U.S. mortgage rates have fallen to their lowest level in at least four decades, with the average rate for a 30-year fixed loan dropping to just 4.12% this week, down from 4.22%, according to a statement released today by Freddie Mac. That’s the lowest rate since Freddie Mac began keeping records in 1971. The average 15-year rate fell from 3.39% to 3.33%.
Meanwhile, yields on 10-year Treasury bonds, considered a benchmark for consumer loans, including mortgages, fell to an all-time low on September 6. The continuing debt crisis in Europe and slowing U.S. economic recovery have pushed down borrowing costs across the board, but they have done little to boost the housing market still being flooded with foreclosure properties.
“Homebuyers are not responding to these record-low interest rates,” said Patrick Newport, an economist at IHS Global Insight in Lexington, Massachusetts. “The reason interest rates are dropping recently is that the outlook for the economy has gotten weaker. A smart person would be very careful about buying a home unless he thinks his job is very secure.” And with unemployment hovering just above 9% for over two years now, very few Americans have that level of security.
The previous record low for a 30-year fixed mortgage was set only weeks ago when it fell to 4.15% in the week ending August 18. According to the National Bureau of Economic Research, long-term borrowing costs are the lowest they’ve been since the 1950s. Still, mortgage applications dropped 4.9% in the week ending September 2. In July, the number of contracts to purchase previously owned homes fell by 1.3%, the first decline in three months, according to the National Association of Realtors.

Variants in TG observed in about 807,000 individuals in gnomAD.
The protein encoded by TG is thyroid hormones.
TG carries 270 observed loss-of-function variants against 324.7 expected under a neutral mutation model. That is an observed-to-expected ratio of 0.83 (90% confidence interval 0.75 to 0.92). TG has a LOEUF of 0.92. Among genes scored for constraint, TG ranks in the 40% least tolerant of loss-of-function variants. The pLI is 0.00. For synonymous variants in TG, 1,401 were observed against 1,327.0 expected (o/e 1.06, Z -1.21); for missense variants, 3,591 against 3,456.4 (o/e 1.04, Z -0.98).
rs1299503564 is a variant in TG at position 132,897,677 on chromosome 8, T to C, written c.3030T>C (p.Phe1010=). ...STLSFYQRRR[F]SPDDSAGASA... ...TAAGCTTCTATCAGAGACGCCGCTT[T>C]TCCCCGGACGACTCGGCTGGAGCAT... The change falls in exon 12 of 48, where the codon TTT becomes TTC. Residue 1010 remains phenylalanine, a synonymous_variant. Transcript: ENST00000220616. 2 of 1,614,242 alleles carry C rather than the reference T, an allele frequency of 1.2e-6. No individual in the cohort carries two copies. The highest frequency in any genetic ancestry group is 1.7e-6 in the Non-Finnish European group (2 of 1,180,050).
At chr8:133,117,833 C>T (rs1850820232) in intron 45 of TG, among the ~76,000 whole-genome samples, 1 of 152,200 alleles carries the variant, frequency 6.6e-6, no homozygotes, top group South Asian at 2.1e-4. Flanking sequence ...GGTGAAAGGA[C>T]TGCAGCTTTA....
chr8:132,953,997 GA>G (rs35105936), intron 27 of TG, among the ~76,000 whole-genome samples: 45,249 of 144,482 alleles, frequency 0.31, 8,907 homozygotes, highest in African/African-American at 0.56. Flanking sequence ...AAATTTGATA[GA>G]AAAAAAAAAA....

And there are no signs the situation is improving. A Fannie Mae survey found that a whopping 78% of Americans said the economy was on the wrong track in August, up from 70% the previous month. Furthermore, 22% of respondents said they expect their financial situations to worsen within the next year, up from 20% in July. Twenty-seven percent of respondents expect home prices to decline over the next year. Sixty-nine percent said it was a good time to buy a home while only 9% said it was a good time to sell.